A major crackdown on salmon fishing in Scotland is looming amid growing fears over declining stocks, the Scottish Government has announced.
Many stretches of the country’s most popular rivers for wild Atlantic salmon could be restricted to catch and release only.
Environment minister Aileen McLeod has ruled out a charging regime and the deliberate killing of salmon though fishing will still be allowed in rivers where stocks remain high.
The Scottish Government’s approach has been welcomed by conservation groups who have argued against a blanket approach.
Dr McLeod said: “We have moved away from the idea of an individual licensing system and will not be pursuing the introduction of any charging regime. We will however be introducing the concept of a conservation plan in areas where salmon fail to achieve good conservation status.
“The marked decline in wild salmon stocks warrants a serious response and the Scottish Government is required under European rules to ensure our salmon fisheries are sustainable and compliant.
“Restrictions on our fisheries are never taken lightly but action to conserve stocks is, in the long term, essential to protect the sustainability of the communities and ecosystems that they support.”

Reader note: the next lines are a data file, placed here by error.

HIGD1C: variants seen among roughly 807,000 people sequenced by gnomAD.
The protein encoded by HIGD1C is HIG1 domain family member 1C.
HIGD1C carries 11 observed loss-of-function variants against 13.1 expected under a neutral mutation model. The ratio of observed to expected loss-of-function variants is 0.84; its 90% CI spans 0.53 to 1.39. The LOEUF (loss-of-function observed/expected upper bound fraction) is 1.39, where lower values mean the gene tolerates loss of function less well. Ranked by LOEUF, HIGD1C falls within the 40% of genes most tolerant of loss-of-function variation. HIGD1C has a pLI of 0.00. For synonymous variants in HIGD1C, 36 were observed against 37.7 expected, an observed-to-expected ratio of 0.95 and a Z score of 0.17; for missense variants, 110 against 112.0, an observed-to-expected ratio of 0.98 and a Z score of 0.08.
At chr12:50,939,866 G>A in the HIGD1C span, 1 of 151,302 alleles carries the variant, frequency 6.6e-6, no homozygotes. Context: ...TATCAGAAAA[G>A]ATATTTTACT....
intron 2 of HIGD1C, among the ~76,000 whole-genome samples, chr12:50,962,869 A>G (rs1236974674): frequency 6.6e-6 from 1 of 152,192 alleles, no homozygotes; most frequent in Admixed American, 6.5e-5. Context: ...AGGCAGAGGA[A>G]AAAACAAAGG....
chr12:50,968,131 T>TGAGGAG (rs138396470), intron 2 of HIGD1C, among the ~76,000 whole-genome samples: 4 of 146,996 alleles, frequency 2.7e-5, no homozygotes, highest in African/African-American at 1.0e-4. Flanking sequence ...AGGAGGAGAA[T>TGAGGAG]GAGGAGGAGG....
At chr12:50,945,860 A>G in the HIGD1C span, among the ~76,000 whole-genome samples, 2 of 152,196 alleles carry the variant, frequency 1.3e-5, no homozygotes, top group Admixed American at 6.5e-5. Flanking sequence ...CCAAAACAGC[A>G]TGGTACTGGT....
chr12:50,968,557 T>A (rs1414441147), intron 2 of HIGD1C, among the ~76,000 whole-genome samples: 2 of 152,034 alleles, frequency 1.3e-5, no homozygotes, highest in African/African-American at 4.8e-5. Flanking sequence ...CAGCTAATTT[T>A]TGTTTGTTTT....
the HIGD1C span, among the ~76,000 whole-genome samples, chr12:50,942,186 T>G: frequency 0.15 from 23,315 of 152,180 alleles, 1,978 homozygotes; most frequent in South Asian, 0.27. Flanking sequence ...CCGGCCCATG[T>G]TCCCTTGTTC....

The measures unveiled by the Government could see fishery districts and Special Areas of Conservation (SACs) introduced to manage salmon stocks. Where stocks are under threat, fishing will be restricted to catch and release only, ending deliberate killing. Ministers say 93 per cent of rod-caught spring salmon were released in 2014, as was 82 per cent of the annual rod catch.
Hughie Campbell Adamson, Chairman of Salmon and Trout Conservation (Scotland), last night welcomed the pragmatic approach.
He said: “We have long advocated that any exploitation of salmon should be limited to rivers and fisheries with a clear sustainable surplus.
“There is little point in creating a burdensome administrative system for rivers with healthy stocks.”